One of the commissions Van Meegeren obtained was the creation of a painted War Memorial,[14] of which he was very proud. In 1959, the couple invested all their money and energy in a private exhibition of Jacques van Meegeren's work in Nice. However, a few days before the opening of the exhibition, Nice was flooded. No public came and no publicity was obtained;[14] Van Meegeren suffered a mental depression which lasted several months.

Netherlands again[edit]

In 1962, Van Meegeren and Ledel returned to the Netherlands without any money. They were lured to Amsterdam by a plan for a Hollywood movie about his father.[15] Van Meegeren was invited to take part in it and to consult the crew about the details of his father's life. However, the project was dropped and no movie was made. The couple was left without money, always changing their address and living in poorer circumstances.

Desperate for money, Van Meegeren started to paint and sell pictures with his father's signature which fetched far better prizes than his own work.[16]

In the last year of his life he met a nurse – a Mrs. Van de Biggelaar – who had known him as a boy. He told her the story of his life and confessed that he had abandoned his wife and children. He also admitted that he had made fake pictures with the signature of his father.[17]

A year later, in 1977, Jacques van Meegeren died, a poor and lonely man.[18] Juliette Ledel was no longer with him, it is not known whether she had left him, or had died. His funeral was organized by a remote Indonesian cousin who happened to live in the Netherlands.

Fake Van Meegerens[edit]

Jacques van Meegeren was not the only one who faked his father's work. After Han van Meegeren had become famous, his work rose in price and it became worthwhile to fake his paintings.[19] Many existing mediocre paintings got a signature "H. van Meegeren" and new pictures were made in his style.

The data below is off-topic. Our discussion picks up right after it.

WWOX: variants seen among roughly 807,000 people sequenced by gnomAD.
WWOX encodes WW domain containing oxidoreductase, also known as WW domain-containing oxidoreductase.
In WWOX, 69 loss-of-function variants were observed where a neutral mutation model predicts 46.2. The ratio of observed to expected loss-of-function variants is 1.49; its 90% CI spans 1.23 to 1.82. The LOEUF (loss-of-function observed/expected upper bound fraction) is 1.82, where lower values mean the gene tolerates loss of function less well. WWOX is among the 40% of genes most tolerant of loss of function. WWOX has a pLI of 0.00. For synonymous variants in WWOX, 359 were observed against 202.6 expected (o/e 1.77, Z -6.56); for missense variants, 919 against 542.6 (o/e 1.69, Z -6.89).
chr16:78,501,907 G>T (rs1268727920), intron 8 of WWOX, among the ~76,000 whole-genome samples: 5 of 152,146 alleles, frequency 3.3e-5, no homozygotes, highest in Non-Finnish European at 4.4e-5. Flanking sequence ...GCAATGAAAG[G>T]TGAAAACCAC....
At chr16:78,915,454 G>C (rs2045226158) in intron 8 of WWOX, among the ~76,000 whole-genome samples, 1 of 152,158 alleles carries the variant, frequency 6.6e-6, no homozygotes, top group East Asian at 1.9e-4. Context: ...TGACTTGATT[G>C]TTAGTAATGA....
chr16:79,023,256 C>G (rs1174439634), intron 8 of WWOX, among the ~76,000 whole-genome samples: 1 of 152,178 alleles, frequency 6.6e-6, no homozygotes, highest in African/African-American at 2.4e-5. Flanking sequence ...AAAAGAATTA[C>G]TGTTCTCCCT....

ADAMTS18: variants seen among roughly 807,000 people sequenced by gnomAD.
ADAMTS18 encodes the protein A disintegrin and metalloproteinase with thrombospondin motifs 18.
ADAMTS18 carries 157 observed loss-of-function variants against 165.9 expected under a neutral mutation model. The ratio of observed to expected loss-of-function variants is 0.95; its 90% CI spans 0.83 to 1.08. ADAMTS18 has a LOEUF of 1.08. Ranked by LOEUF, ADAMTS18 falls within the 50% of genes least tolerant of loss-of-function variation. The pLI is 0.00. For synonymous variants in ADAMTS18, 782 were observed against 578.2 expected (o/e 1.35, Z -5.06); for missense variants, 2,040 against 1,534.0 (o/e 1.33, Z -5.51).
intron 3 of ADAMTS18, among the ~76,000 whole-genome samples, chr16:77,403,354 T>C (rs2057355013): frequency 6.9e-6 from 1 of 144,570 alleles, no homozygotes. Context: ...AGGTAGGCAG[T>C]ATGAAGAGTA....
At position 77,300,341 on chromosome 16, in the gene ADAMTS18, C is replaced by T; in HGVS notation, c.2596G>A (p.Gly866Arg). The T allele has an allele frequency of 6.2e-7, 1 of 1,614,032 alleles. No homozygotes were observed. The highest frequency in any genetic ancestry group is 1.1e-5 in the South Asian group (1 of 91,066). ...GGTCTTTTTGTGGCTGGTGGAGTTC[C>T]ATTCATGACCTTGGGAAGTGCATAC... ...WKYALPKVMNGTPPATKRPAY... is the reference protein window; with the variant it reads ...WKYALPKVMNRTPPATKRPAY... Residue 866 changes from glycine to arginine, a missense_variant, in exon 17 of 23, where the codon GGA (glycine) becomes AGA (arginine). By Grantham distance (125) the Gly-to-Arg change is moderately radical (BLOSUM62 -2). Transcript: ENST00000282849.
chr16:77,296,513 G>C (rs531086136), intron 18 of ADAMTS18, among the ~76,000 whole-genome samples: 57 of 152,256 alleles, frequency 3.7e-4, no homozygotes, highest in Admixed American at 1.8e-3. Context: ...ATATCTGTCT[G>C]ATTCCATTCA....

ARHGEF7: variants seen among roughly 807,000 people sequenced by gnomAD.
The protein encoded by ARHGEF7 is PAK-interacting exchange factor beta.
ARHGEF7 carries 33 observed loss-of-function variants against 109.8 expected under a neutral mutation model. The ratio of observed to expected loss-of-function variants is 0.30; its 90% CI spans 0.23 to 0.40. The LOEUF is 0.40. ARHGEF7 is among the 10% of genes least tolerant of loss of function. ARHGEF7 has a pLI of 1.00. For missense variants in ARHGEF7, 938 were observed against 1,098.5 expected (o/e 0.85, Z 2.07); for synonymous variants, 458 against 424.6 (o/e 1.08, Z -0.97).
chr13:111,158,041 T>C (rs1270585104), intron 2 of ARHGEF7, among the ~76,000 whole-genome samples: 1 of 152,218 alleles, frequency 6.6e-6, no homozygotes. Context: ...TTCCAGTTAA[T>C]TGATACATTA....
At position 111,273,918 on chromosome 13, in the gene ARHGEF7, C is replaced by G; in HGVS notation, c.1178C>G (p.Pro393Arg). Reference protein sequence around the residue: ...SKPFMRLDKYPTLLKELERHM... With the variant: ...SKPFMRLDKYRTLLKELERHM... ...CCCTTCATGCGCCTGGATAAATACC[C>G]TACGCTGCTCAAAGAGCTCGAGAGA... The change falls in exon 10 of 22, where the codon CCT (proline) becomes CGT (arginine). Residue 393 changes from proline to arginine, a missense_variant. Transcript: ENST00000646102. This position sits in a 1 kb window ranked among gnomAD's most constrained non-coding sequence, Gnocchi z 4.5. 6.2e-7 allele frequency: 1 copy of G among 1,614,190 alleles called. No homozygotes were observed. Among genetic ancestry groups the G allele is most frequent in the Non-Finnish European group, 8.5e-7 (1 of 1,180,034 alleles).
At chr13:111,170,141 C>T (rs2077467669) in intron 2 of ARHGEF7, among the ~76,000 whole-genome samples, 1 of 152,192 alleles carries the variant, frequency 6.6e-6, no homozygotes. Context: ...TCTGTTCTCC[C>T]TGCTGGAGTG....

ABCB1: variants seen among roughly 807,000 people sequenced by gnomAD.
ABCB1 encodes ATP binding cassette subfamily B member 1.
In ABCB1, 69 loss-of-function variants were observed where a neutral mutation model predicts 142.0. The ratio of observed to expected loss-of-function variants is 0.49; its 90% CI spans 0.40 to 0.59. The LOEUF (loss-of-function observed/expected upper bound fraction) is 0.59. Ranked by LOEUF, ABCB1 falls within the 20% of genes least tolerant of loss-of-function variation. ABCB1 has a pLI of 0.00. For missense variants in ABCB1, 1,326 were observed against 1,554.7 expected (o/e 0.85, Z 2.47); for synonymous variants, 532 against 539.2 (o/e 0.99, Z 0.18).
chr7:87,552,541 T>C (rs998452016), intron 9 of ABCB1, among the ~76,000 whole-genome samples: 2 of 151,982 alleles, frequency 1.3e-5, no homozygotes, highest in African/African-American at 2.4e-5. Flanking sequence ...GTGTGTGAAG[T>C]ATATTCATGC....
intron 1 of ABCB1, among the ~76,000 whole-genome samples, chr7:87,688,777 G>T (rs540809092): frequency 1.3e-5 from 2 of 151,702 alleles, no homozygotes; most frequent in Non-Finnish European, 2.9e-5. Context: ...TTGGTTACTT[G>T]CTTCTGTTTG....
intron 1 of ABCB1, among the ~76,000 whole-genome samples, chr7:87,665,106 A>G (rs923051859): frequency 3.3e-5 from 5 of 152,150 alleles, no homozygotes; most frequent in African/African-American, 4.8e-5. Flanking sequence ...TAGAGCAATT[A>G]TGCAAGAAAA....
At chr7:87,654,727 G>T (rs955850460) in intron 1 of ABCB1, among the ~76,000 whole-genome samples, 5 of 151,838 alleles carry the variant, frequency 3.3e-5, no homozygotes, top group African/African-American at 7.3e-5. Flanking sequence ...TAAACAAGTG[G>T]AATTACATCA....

Among these fakes, the imitations by Jacques van Meegeren are the most difficult to distinguish, as he painted in a style that was akin to his father's and was also able to produce a perfect fake signature. He sometimes authenticated their provenance by writing a certificate.

An interesting case in this respect is the collection of Mr. Carlos de Couto,[20] the Brazilian vice-Consul in Amsterdam. He bought pictures directly from Han van Meegeren and also gave him a commission to paint a portrait of his wife. These pictures were entirely authentic Van Meegerens. He also bought some Van Meegerens at auctions which might have been authentic as well. However, he later often lent money to Jacques van Meegeren who paid him back in pictures by "Han van Meegeren". There are good reasons to assume that many of these were made by Jacques van Meegeren and signed with an "authentic signature".[16][21] The present owner of the collection is now left with the question which of these pictures are authentic and which are fakes.

The fake "Van Meegerens" made by Jacques van Meegeren and others are usually of low quality. They are, however, not always recognized as such and have thus adversely affected the reputation of Han van Meegeren's work.


  1. ^ Kilbracken (1967), pp. 85, 86
  2. ^ Kreuger (2007), p. 36
  3. ^ Kilbracken (1967), p. 103
  4. ^ Kreuger (2007), p. 59
  5. ^ Kreuger (2007), pp. 69, 70
  6. ^ Kreuger (2007), p. 76
  7. ^ a b Kreuger (2007), p. 77
  8. ^ Ledel (n.d.), p. 9
  9. ^ Ledel (n.d.), p. 9a
  10. ^ a b Personal Card J.H. van Meegeren, Institute Genealogy The Hague
  11. ^ Kilbracken (1967), p. 53
  12. ^ Kreuger (2007), p. 181
  13. ^ Ledel (n.d.), Time-line
  14. ^ a b c Riviera Gazette, Nice, 16 Dec. 1959
  15. ^ Dagblad De Tijd, 5 Dec. 1962
  16. ^ a b Holland Herald, Volume 10, number 6, (1975) page 26
  17. ^ Ledel (n.d.), Appendix 11
  18. ^ Kreuger (2007), p. 203
  19. ^ Kilbracken (1967), p. 173
  20. ^ Kreuger (2007), Chapter IX
  21. ^ Kreuger (2007), p. 211


  • Kreuger, Frederik H. (2007). A New Vermeer. Rijswijk, Holland: Quantes. ISBN 978-90-5959-047-2.  This is a biography of Han van Meegeren which also describes the life of Jacques in the chapters II to V and VIII, and his forgeries in chapter IX.
  • Kilbracken, Baron John Raymond Godley (1967). Van Meegeren: Master Forger. New York: Charles Scribner's.  It describes parts of Jacques' life; Lord Kilbracken was a friend of Jacques.
  • Ledel, Juliette (n.d.). Biography of Jacques van Meegeren. The Hague, the Netherlands: Document at the RKD, the States Institute for Art Documentation. 

External links[edit]

  • [1] section "?Fake?" for pictures of forged Van Meegerens.